What trustees should know about property transactions

In terms of the Alienation of Land Act, any deed of sale of immovable property has to be in writing, and the parties thereto or their agents have to be legally authorised to act at the time of signing of the contract. Section 2(1) of the Act provides that no alienation of land shall be or any force or effect unless it is contained in a deed of alienation signed by the parties thereto or their agents acting on their written authority.
Property transactions with a trust to be formed
When a discretionary trust (ownership trust) acquires property for the trust, a trustee may only act as such if authorised to do so by the Master of the High Court with a Letters of Authority (Section 6 of the Trust Property Control Act). A new trust only comes into existence once the Letters of Authority are issued by the Master. Therefore, any transaction entered into by a person claiming to act on behalf of that trust without the requisite authority is invalid. A “trust to be formed” may not be nominated as a purchaser for Transfer Duty purposes, not even when using the wording “stipulatio alteri”, because the trustees will not be in a position to ratify the transaction on behalf of the trust with retroactive effect. In such a case, no transaction will be deemed to have taken place because the contract was void to begin with. The trustees (once authorised by the Master) will be required to enter into a new contract with the seller if the ultimate intention is for the trust to acquire the property. This is in contrast to the situation with close corporations and companies where a pre-incorporation contract can be ratified and consequently an immovable property can be purchased on account of such an entity still to be formed. The Court held in the Jansen v Ringwood Investments 87 CC case of 2013 that the ratification of a contract by the trustees is not possible if a statute requires prior written authority for such action, no matter what the trust instrument provides. Therefore, even if the trust instrument allows for ratification, it will not override the requirements of the Alienation of Land Act 68 of 1981, and the transaction will not be valid.
Can a property transaction later be ratified by trustees?
If a sale agreement was signed by one or more trustees without the full board of trustees’ approval, the seller will not even be in a position to claim specific performance as such agreement is null and void and cannot be relied upon by the seller in any way. The trustees are also not the contracting parties – the trust is (Goldex 16 (Pty) Ltd v Capper case of 2019).
When can a trustee sign an offer to purchase and related documents?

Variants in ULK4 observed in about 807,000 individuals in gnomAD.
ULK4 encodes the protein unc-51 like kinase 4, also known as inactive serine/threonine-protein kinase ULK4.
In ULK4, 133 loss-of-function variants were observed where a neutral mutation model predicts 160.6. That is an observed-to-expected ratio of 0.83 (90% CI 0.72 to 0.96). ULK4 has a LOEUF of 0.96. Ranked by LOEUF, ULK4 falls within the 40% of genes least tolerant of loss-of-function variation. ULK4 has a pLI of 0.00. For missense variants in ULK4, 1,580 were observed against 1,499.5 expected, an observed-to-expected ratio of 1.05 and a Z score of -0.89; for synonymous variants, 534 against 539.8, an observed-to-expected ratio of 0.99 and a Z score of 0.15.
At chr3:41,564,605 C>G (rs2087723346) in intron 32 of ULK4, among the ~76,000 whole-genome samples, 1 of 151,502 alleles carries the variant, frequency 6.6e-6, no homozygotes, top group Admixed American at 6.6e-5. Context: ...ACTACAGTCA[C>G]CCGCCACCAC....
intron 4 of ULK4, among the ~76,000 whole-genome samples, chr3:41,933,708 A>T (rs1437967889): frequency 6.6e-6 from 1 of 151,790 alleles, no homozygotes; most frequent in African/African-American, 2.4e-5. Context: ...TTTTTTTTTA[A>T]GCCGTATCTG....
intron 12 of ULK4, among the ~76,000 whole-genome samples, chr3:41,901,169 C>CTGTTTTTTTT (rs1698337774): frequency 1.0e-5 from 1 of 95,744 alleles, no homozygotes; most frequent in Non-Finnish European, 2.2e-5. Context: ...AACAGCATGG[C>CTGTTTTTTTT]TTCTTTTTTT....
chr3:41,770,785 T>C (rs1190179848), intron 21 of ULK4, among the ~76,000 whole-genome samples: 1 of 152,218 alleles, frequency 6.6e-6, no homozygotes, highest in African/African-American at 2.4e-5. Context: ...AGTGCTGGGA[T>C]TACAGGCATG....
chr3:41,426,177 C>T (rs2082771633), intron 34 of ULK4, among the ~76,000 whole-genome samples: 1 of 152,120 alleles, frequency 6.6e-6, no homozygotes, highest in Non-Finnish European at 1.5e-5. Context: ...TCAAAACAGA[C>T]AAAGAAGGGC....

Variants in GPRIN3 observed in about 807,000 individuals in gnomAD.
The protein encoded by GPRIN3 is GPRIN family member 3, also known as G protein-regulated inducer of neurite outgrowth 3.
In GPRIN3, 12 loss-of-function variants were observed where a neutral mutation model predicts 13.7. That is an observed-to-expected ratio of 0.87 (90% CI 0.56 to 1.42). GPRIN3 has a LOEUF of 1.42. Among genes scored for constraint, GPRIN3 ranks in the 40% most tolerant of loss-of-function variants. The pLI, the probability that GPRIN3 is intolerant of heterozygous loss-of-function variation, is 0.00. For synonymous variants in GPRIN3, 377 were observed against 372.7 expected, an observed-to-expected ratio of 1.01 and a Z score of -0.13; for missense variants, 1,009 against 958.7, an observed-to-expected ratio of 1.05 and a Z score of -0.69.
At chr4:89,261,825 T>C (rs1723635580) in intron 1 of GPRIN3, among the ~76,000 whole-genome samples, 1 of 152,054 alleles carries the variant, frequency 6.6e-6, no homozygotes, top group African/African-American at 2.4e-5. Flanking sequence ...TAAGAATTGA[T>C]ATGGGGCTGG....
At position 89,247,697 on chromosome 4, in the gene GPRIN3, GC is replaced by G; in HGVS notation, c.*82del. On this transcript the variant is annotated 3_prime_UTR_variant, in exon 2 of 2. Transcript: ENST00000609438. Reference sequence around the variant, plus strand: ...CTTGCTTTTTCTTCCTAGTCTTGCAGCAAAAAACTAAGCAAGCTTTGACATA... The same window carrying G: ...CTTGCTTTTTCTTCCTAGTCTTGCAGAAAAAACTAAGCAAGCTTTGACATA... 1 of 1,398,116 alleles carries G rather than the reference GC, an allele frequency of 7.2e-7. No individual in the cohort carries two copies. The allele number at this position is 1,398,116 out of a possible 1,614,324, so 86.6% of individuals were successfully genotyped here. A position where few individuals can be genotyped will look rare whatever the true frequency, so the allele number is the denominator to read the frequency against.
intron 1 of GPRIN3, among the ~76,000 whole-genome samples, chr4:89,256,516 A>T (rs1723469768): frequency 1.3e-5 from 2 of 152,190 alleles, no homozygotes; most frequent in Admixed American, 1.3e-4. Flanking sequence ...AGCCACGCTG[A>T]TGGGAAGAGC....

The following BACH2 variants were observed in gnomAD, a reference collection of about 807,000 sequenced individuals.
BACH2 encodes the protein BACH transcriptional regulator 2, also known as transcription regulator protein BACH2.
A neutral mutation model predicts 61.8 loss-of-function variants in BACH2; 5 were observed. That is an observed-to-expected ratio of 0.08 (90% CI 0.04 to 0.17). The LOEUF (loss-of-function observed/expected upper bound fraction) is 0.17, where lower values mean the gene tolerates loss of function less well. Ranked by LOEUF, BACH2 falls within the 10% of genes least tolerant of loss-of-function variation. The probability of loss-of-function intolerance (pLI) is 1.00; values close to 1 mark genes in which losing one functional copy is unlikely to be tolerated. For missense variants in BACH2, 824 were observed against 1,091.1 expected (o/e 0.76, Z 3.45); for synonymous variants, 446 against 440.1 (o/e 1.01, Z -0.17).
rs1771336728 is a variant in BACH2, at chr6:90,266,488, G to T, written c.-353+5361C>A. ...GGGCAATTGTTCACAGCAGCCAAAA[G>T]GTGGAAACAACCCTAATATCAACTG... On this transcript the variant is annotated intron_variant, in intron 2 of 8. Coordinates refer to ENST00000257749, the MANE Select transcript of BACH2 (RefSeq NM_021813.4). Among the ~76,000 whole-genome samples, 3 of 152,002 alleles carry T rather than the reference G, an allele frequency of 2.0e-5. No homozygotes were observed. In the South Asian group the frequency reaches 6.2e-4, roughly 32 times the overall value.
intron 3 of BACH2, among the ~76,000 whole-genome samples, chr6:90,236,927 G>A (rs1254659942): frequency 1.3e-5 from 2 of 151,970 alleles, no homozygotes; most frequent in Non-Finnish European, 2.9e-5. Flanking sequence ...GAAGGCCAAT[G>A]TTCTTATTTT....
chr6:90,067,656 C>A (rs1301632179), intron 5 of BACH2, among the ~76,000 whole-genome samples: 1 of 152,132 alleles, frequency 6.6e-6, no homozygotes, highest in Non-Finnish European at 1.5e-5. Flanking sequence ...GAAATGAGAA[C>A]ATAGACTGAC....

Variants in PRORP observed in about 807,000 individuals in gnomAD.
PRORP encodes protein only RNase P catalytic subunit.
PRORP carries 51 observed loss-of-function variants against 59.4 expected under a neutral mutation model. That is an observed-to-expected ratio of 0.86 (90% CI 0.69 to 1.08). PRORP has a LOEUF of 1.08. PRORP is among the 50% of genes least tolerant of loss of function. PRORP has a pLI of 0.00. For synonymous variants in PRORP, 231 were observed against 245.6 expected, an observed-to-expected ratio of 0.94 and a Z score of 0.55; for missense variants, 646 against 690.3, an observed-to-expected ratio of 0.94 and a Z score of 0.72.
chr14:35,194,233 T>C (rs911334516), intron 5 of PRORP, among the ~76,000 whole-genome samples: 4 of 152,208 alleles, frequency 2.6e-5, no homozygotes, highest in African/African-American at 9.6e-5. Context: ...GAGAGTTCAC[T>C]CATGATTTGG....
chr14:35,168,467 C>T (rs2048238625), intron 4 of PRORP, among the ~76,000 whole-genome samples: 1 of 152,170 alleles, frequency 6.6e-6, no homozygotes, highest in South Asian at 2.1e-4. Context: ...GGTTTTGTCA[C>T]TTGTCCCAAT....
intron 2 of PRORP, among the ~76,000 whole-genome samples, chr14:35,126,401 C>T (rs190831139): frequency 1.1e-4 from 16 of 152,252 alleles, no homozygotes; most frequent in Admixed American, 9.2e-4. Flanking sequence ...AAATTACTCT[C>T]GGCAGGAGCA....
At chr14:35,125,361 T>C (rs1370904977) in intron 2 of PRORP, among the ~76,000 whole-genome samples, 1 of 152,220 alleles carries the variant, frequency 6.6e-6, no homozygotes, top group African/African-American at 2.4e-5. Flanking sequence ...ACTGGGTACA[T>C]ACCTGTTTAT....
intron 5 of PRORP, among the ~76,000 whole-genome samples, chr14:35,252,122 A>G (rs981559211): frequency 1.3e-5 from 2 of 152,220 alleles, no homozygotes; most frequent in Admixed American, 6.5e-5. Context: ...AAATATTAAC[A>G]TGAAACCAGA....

Trustees can only act once their appointments have been authorised by the Master. Therefore, unless a trustee is in possession of a Letters of Authority issued by the Master confirming their appointment, that trustee cannot act on behalf of the trust. While the requirements of Section 6 of this Act are for the benefit of the beneficiaries, they are also in the public interest in so far as providing proper written proof indicating who the serving trustees of the trust are (Simplex v van der Merwe case of 1996). In this case, it was held that any agreement entered into by trustees before authorisation is granted is deemed null and void, and cannot be ratified.
If and when can a sole trustee act on behalf of the trust?
Where a trust has more than one trustee, any deed of alienation entered into by that trust would require the signature of all the trustees. In the absence of authority in the trust instrument, in respect of a trust with more than one trustee, a trustee is regarded as an agent as intended in Section 2(1) of the Alienation of Land Act, and would require the written authority of the other trustees to conclude a deed of alienation on behalf of the trust. The Thorpe v Trittenwein case of 2007 confirmed the principle that where one trustee is authorised to act on behalf of other trustees, and the sale of land is involved, such authorisation must be received in writing in the form of a resolution duly signed by duly authorised trustees. Any deed of sale entered into by one trustee purporting to act on behalf of other trustees, where that trustee is not authorised to do so by their co-trustees, will be deemed null and void. This is because it will not comply with the requirements of the Alienation of Land Act (Section 2), and cannot be ratified thereafter. This case confirmed that a sale cannot be ratified by the signature of a written authorisation to act after the fact. The written authority, therefore, must be granted prior to the signature of the deed of sale to the duly authorised trustee.
Be mindful of “standard” documentation when obtaining a loan
Trust compliance is all about paperwork! Many financiers/attorneys request the signature of standard documentation they use for all property transactions (such as companies), which for example give one trustee the authority to negtiate and enter into agreements with the bank as they wish. This is not allowed in our trust law and may be indicative of an alter ego trust (where one person controls the trust). Also, the banks’ standard documentation normally states that a meeting was held. Unless a physical meeting was held to approve the funding/security transaction, trustees should rather stipulate that it is a round robin resolution (but only if the trust instrument allows for that). Ensure all facts are correct and procedures were followed as stipulated in the documentation required to be signed. It is a trustee’s obligation to read and understand what they are signing. In many instances the documentation are set up incorrectly (factually and procedurally) which may come back and bite trustees.

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